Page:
Mayers v. Mayers

908 A.2d 1182 (D.C. 2006)



In order to preserve the integrity of the judiciary, and to ensure that justice is carried out in each individual case, judges must adhere to high standards of conduct. Thus even if there is no bias in fact, an appearance of bias or prejudice requires recusal if it is sufficient to raise a question in the mind of "the average citizen" about a judge's impartiality. The bias or prejudice must be personal in nature and have its source beyond the four corners of the courtroom.


Appellant husband appealed from two orders of the Superior Court of the District of Columbia, one granting appellee wife an absolute divorce and resolving custody, child support, and other issues, and a second denying the husband's motion to terminate child support and finding the husband in contempt for willful failure to pay. Appellant husband argued that the trial court erred in failing to conclude that the delay in receiving the transcript of a hearing on the husband's prior motion to modify child support adversely affected the husband's substantial rights. On appeal, the judgments of the trial court were affirmed.


Did the trial judge err in refusing to recuse himself from the case due to alleged bias?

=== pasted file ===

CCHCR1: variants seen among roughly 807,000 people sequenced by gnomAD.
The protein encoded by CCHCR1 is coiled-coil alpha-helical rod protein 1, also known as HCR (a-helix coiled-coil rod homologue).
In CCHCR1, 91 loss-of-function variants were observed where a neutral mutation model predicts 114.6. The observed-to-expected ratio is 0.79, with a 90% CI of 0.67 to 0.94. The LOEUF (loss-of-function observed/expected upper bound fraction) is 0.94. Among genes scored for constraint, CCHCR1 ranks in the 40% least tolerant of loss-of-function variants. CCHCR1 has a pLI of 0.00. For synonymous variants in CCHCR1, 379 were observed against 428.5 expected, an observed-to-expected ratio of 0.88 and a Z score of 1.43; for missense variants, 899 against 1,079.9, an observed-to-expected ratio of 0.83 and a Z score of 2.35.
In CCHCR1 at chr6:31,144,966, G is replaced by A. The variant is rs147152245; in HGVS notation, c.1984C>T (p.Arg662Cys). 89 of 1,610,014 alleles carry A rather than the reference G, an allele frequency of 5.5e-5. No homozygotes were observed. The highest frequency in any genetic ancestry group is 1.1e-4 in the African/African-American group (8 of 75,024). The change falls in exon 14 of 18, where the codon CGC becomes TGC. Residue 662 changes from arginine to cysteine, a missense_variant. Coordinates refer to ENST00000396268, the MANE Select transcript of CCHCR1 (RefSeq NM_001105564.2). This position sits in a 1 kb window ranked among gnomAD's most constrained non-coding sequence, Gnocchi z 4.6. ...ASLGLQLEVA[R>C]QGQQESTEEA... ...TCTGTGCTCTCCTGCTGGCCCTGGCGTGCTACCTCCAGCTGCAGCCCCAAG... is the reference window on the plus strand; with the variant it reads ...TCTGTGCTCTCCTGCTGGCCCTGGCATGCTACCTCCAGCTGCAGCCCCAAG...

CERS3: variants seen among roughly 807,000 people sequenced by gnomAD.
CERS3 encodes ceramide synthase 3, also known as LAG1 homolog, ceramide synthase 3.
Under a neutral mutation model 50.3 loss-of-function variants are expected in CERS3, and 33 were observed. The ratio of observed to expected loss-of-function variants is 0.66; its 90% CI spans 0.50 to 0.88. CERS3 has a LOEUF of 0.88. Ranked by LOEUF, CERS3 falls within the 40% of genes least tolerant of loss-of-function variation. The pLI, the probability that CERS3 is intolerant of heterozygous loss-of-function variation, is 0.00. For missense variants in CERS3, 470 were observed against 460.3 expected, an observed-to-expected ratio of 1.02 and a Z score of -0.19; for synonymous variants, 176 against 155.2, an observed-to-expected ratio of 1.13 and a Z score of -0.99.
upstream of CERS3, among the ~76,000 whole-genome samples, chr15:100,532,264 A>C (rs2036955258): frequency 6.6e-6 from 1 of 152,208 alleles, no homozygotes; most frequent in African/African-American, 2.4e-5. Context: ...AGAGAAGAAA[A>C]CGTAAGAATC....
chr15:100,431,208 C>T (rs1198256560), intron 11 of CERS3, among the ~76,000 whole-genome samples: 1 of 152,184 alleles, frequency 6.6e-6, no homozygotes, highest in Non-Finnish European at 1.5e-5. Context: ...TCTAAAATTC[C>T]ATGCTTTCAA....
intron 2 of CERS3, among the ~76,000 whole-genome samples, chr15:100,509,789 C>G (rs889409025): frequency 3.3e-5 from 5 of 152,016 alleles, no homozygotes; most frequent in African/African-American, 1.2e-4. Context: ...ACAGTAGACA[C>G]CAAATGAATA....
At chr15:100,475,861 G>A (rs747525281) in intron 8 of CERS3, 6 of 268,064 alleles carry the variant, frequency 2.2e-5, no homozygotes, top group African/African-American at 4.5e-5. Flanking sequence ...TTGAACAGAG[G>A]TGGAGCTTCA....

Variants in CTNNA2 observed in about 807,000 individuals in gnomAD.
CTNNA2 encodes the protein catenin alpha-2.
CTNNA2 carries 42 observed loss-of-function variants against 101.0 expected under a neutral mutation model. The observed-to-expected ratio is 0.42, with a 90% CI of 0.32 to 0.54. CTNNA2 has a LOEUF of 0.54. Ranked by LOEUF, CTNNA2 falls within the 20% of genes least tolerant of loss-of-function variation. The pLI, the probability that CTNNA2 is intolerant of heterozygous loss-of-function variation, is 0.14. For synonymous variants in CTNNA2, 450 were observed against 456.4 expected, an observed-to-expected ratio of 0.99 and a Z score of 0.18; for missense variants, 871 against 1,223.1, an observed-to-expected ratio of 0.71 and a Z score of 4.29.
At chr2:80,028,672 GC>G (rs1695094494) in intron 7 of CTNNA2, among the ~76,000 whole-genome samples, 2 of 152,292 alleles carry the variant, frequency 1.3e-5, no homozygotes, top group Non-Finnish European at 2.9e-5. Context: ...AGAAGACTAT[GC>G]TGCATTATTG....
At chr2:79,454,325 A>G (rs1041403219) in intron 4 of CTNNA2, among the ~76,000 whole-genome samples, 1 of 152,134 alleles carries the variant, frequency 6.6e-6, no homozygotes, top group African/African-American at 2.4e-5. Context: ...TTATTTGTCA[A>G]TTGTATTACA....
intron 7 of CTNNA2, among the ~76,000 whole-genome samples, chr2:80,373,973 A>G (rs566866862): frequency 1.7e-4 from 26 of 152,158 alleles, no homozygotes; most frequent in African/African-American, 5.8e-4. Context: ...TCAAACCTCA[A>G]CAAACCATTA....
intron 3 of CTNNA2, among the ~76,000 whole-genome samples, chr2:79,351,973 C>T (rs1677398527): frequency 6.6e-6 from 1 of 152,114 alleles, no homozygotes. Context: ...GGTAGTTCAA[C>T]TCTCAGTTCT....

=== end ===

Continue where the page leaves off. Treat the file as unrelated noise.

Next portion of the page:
The appellate court concluded that, under the circumstances presented, where the husband was made aware that the trial court would not approve of the husband's proposed reconstructed statement within six weeks of its filing, the husband was not adversely impacted by the alleged 16-month delay in obtaining the subject transcript. The husband also argued that the trial judge erred in refusing to recuse himself from the case due to alleged bias, and therefore all orders entered by the trial judge were void. The appellate court disagreed, noting that the trial court's order reflected neither personal bias nor prejudice against the husband. The trial judge did not rest the child support award on personal knowledge of disputed evidentiary facts concerning the parties' divorce, custody, and child support proceeding, but considered such things as the wife's increased income and potential income and the Child Support Guidelines.

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